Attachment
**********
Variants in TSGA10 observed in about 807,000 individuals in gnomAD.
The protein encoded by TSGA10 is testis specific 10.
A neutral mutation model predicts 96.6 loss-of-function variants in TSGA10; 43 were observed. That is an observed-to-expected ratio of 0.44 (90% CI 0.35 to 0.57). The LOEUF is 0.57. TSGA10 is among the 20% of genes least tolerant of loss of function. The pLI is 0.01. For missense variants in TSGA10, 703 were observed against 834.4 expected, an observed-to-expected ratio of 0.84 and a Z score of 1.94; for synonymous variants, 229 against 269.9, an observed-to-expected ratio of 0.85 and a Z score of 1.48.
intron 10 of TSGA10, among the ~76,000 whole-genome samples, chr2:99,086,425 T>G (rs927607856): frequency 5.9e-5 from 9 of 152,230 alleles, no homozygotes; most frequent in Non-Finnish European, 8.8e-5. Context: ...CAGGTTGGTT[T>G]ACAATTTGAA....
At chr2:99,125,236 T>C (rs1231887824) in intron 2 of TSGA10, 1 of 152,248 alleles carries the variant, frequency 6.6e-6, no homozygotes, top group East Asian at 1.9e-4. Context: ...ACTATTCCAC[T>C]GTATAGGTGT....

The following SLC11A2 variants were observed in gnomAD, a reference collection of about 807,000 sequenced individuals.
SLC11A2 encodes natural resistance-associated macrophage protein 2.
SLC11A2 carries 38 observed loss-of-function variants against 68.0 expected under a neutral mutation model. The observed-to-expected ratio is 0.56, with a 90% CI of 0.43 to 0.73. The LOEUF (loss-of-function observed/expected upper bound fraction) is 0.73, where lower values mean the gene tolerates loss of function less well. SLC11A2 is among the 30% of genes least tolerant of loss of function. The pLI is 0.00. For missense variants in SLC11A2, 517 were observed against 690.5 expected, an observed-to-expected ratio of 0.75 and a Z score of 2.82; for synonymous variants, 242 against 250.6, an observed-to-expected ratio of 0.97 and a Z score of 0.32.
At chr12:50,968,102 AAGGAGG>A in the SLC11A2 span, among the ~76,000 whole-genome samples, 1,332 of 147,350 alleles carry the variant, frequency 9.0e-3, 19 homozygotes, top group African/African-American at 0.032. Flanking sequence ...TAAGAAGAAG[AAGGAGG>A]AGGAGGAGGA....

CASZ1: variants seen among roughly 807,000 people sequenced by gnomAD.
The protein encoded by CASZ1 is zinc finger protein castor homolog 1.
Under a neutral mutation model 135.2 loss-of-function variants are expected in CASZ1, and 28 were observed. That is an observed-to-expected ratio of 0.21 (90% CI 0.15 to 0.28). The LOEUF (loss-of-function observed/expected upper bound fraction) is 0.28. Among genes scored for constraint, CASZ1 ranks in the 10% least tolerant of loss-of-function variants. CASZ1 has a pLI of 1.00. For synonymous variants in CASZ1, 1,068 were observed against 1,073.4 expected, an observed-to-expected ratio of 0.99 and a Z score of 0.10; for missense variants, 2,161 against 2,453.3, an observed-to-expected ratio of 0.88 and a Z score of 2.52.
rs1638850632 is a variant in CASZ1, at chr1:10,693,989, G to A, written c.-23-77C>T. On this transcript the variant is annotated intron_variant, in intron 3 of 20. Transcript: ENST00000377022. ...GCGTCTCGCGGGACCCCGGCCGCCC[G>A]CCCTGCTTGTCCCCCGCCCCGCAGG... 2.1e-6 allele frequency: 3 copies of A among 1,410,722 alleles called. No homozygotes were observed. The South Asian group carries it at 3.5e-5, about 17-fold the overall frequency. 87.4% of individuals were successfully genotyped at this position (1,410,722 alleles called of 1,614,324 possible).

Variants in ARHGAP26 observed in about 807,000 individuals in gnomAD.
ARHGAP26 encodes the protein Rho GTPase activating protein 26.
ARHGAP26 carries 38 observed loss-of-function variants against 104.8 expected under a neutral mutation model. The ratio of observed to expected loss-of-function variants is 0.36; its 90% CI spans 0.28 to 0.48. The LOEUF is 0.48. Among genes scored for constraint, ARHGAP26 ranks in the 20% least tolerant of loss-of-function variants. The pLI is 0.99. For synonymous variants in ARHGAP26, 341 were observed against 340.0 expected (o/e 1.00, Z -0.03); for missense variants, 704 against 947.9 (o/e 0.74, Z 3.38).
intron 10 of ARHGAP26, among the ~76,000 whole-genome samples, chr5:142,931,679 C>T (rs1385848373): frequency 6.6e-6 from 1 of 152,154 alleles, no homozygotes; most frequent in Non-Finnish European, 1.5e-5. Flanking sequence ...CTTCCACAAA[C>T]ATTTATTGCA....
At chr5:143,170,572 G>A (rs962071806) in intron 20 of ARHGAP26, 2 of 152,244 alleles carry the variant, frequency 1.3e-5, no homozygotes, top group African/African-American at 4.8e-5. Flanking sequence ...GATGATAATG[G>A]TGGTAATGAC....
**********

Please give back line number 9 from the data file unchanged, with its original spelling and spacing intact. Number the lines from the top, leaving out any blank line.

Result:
At chr12:50,968,102 AAGGAGG>A in the SLC11A2 span, among the ~76,000 whole-genome samples, 1,332 of 147,350 alleles carry the variant, frequency 9.0e-3, 19 homozygotes, top group African/African-American at 0.032. Flanking sequence ...TAAGAAGAAG[AAGGAGG>A]AGGAGGAGGA....